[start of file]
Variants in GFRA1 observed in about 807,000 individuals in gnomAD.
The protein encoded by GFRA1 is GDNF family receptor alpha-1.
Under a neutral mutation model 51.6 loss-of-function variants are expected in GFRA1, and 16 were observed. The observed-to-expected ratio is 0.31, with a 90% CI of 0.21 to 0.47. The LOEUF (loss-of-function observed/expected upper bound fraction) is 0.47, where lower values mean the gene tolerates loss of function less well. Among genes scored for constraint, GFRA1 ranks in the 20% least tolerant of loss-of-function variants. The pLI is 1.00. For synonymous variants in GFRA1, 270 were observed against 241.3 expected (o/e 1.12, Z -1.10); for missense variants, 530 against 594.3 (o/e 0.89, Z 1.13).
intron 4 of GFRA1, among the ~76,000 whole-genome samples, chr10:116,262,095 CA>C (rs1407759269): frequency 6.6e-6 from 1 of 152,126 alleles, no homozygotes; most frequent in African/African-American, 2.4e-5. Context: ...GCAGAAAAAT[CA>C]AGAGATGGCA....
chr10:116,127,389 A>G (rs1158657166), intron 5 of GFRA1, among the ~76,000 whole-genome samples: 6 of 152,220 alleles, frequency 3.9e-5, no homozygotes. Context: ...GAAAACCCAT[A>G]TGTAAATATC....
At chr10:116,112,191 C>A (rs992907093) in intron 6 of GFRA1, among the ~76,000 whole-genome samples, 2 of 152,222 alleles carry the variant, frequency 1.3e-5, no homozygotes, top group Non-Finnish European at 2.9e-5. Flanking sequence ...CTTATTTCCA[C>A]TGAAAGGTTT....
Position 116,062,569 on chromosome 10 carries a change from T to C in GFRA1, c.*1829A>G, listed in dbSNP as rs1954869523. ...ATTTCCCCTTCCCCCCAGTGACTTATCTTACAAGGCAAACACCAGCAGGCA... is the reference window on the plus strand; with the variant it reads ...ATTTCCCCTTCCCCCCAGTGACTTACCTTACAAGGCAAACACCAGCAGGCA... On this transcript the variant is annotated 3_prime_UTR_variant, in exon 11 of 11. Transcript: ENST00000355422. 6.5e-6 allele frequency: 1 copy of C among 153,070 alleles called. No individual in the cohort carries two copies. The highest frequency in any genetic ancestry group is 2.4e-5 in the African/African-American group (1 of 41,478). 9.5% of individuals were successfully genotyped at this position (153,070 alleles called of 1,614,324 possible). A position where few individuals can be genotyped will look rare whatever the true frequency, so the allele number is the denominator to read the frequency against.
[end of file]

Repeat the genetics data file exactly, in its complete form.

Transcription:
Variants in GFRA1 observed in about 807,000 individuals in gnomAD.
The protein encoded by GFRA1 is GDNF family receptor alpha-1.
Under a neutral mutation model 51.6 loss-of-function variants are expected in GFRA1, and 16 were observed. The observed-to-expected ratio is 0.31, with a 90% CI of 0.21 to 0.47. The LOEUF (loss-of-function observed/expected upper bound fraction) is 0.47, where lower values mean the gene tolerates loss of function less well. Among genes scored for constraint, GFRA1 ranks in the 20% least tolerant of loss-of-function variants. The pLI is 1.00. For synonymous variants in GFRA1, 270 were observed against 241.3 expected (o/e 1.12, Z -1.10); for missense variants, 530 against 594.3 (o/e 0.89, Z 1.13).
intron 4 of GFRA1, among the ~76,000 whole-genome samples, chr10:116,262,095 CA>C (rs1407759269): frequency 6.6e-6 from 1 of 152,126 alleles, no homozygotes; most frequent in African/African-American, 2.4e-5. Context: ...GCAGAAAAAT[CA>C]AGAGATGGCA....
chr10:116,127,389 A>G (rs1158657166), intron 5 of GFRA1, among the ~76,000 whole-genome samples: 6 of 152,220 alleles, frequency 3.9e-5, no homozygotes. Context: ...GAAAACCCAT[A>G]TGTAAATATC....
At chr10:116,112,191 C>A (rs992907093) in intron 6 of GFRA1, among the ~76,000 whole-genome samples, 2 of 152,222 alleles carry the variant, frequency 1.3e-5, no homozygotes, top group Non-Finnish European at 2.9e-5. Flanking sequence ...CTTATTTCCA[C>A]TGAAAGGTTT....
Position 116,062,569 on chromosome 10 carries a change from T to C in GFRA1, c.*1829A>G, listed in dbSNP as rs1954869523. ...ATTTCCCCTTCCCCCCAGTGACTTATCTTACAAGGCAAACACCAGCAGGCA... is the reference window on the plus strand; with the variant it reads ...ATTTCCCCTTCCCCCCAGTGACTTACCTTACAAGGCAAACACCAGCAGGCA... On this transcript the variant is annotated 3_prime_UTR_variant, in exon 11 of 11. Transcript: ENST00000355422. 6.5e-6 allele frequency: 1 copy of C among 153,070 alleles called. No individual in the cohort carries two copies. The highest frequency in any genetic ancestry group is 2.4e-5 in the African/African-American group (1 of 41,478). 9.5% of individuals were successfully genotyped at this position (153,070 alleles called of 1,614,324 possible). A position where few individuals can be genotyped will look rare whatever the true frequency, so the allele number is the denominator to read the frequency against.